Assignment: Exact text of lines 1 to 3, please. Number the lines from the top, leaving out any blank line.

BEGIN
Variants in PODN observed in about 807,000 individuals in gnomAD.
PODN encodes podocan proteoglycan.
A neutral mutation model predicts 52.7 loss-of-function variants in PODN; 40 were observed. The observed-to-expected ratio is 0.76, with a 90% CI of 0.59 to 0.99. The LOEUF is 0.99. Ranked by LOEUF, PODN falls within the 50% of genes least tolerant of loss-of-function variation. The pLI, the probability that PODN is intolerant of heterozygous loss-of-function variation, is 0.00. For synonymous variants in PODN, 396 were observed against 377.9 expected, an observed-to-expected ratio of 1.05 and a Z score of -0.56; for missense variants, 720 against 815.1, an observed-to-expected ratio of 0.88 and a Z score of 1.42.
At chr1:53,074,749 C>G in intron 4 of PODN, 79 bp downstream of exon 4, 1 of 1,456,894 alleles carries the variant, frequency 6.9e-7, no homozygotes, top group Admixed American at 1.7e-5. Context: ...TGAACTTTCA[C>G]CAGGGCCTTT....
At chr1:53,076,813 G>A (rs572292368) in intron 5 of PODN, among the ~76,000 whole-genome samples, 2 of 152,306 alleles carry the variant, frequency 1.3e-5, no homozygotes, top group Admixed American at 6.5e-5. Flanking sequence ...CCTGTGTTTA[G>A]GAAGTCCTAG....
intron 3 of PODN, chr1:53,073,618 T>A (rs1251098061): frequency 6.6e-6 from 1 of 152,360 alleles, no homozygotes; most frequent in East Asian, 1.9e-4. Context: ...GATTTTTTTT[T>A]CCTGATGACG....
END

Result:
Variants in PODN observed in about 807,000 individuals in gnomAD.
PODN encodes podocan proteoglycan.
A neutral mutation model predicts 52.7 loss-of-function variants in PODN; 40 were observed. The observed-to-expected ratio is 0.76, with a 90% CI of 0.59 to 0.99. The LOEUF is 0.99. Ranked by LOEUF, PODN falls within the 50% of genes least tolerant of loss-of-function variation. The pLI, the probability that PODN is intolerant of heterozygous loss-of-function variation, is 0.00. For synonymous variants in PODN, 396 were observed against 377.9 expected, an observed-to-expected ratio of 1.05 and a Z score of -0.56; for missense variants, 720 against 815.1, an observed-to-expected ratio of 0.88 and a Z score of 1.42.